Tolstoy goes Steampunk: “Android Karenina,” by Leo Tolstoy and Ben H. Winters

(Originally published in my personal blog, The Kids Got Moxie, on 6/8/2010.)

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Literary hybrids of Jane Austen novels and zombie stories? That’s so last year.

– The New York Times.

In the interest of full disclosure, I’ve been trying to read Tolstoy’s original Anna Karenina for probably about ten years now, and have failed miserably.  Its sitting on my bookcase even now with a bookmark at about the halfway point, where I inevitably lose interest and set down the book.

And this comes from a huge book nerd, so take that as you will.

Now you understand why I was so excited when I first heard about Android Karenina, the newest literary mash-up from the people at Quirk Classics. (AKA, the people who brought the world Pride and Prejudice and Zombies.)

In it’s basest form, Anna Karenina is a soap opera played out by awkward wealthy Russian people.  Roughly, Anna is married to Alexi but in love with Vronsky. Levin is in love with Kitty, who refuses his marriage proposal in the hopes that Vronsky will turn his attentions to her. There are opulent social events, stolen kisses, entrances into society, and a whole lot of internal struggle and angst.

Android Karenina doesn’t really change that plot.  Despite what the book’s cover and title may suggest, rather than turning the main characters of this classic novel into robots themselves, Winters wisely surrounds our protagonists with robot sidekicks.  In this steampunk version of Russia, the wealthy are given robotic sidekicks (called “beloved-companions”) who are at times both personal assistant and therapist to their human counterparts.  These sidekicks can do anything from fighting off evil robots to re-playing the memories of their masters.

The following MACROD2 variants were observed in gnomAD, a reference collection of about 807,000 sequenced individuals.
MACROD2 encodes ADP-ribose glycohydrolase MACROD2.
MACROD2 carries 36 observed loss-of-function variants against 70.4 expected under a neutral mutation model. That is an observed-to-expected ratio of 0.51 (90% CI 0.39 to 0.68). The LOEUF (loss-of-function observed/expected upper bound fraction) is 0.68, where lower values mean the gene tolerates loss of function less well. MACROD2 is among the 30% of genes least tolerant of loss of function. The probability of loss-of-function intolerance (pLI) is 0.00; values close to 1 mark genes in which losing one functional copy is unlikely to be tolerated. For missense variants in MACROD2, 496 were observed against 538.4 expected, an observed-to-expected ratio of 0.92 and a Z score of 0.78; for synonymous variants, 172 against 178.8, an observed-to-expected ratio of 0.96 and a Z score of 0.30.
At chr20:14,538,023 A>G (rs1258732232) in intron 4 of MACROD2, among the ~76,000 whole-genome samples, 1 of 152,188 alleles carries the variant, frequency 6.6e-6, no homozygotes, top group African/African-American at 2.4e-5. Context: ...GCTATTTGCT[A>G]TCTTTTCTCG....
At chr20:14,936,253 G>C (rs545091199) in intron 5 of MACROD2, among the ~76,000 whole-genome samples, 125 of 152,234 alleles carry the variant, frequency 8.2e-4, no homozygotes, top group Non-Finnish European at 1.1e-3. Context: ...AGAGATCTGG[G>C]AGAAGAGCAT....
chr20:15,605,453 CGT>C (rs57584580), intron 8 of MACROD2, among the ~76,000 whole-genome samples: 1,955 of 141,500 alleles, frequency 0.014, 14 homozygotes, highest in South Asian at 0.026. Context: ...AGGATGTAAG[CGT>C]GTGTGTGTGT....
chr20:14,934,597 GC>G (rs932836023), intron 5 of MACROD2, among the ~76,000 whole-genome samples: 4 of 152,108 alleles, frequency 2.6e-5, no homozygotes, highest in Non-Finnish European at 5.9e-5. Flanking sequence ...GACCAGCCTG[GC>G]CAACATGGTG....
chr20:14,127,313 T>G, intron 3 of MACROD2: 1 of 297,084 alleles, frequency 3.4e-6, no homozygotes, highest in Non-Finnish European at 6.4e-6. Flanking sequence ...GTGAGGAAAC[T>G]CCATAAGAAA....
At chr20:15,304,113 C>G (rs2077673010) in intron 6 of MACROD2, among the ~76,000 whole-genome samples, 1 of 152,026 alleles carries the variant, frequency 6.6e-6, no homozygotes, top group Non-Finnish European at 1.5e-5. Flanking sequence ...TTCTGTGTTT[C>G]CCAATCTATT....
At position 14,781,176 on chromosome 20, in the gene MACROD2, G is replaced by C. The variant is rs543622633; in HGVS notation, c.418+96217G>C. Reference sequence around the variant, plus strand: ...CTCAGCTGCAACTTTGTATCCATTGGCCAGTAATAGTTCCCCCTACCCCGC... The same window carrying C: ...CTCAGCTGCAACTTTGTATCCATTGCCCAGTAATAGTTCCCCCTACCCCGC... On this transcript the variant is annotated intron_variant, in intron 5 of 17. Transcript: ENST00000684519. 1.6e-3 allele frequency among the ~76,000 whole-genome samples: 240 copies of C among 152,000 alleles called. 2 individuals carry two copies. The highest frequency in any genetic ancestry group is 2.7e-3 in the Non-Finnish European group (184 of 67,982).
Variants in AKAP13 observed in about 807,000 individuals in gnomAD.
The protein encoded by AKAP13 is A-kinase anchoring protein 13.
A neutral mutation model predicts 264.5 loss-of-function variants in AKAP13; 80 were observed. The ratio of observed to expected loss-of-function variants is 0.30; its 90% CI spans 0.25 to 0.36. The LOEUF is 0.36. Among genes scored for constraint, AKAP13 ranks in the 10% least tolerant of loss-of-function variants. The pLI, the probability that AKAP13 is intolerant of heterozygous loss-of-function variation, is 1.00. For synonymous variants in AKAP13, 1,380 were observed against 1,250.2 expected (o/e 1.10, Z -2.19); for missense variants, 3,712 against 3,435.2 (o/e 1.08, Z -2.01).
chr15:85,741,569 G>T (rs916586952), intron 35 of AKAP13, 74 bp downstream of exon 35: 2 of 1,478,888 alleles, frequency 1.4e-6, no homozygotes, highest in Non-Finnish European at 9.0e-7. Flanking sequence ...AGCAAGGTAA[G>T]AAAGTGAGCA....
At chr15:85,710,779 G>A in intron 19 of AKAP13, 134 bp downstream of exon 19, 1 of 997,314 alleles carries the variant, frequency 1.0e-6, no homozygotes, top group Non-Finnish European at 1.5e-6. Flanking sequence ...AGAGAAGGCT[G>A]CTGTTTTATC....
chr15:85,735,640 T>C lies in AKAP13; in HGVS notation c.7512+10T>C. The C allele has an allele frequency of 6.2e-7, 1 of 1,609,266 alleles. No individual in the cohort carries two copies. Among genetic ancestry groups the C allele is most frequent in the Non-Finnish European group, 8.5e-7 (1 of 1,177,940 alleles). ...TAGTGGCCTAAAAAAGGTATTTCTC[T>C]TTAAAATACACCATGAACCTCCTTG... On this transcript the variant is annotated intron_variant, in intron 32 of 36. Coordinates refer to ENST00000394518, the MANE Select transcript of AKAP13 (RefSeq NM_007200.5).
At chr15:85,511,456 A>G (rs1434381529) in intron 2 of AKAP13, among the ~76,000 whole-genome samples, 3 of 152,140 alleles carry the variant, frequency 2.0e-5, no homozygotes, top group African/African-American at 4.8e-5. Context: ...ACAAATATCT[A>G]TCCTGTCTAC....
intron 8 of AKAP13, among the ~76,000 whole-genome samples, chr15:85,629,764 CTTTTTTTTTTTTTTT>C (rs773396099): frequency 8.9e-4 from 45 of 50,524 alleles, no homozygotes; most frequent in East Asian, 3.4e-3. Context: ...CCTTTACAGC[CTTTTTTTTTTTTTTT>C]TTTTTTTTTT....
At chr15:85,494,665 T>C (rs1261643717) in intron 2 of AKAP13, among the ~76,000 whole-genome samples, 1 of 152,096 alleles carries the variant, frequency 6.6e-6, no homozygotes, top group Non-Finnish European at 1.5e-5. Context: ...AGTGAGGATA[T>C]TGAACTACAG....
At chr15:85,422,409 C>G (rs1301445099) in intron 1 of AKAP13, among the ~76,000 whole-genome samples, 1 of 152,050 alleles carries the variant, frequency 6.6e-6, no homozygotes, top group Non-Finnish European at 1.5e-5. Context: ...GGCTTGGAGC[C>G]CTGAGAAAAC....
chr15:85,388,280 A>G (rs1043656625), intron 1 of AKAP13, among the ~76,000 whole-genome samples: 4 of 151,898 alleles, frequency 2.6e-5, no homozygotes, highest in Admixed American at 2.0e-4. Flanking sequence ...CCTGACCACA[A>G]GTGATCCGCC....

Behind the romantic entanglements of our five main characters is a cyber-war beginning, as the robots (clearly serving as a symbol of industrialization) get more and more powerful and begin to think for themselves. Technically, they’re bound by “Iron Laws,” but laws will only hold back enslaved beings for so long, as we know from history.  There’s also another threat looming, which I won’t spoil by mentioning here, but it’s a sci-fi dream come true.

The book is a success largely due to it’s welcome injection of sci-fi, which enhances the original novel without taking all that much away from the source material.  It reminds me a little of the Baz Lurhman/Leonardo DiCaprio Romeo & Juliet movie in how it grabs your attention from the very beginning to help the daunting text go down a little smoother.  The robots and cyber-war begin slightly gimmicky, but eventually manage to become such a vivid and vital part of the novel that I honestly can’t imagine ever reading Anna Karenina the same way again.

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About JamieP

Books. Adventures. Chicago. Married. Mommy. Cat.

Posted on September 2, 2010, in Uncategorized and tagged . Bookmark the permalink. Leave a comment.

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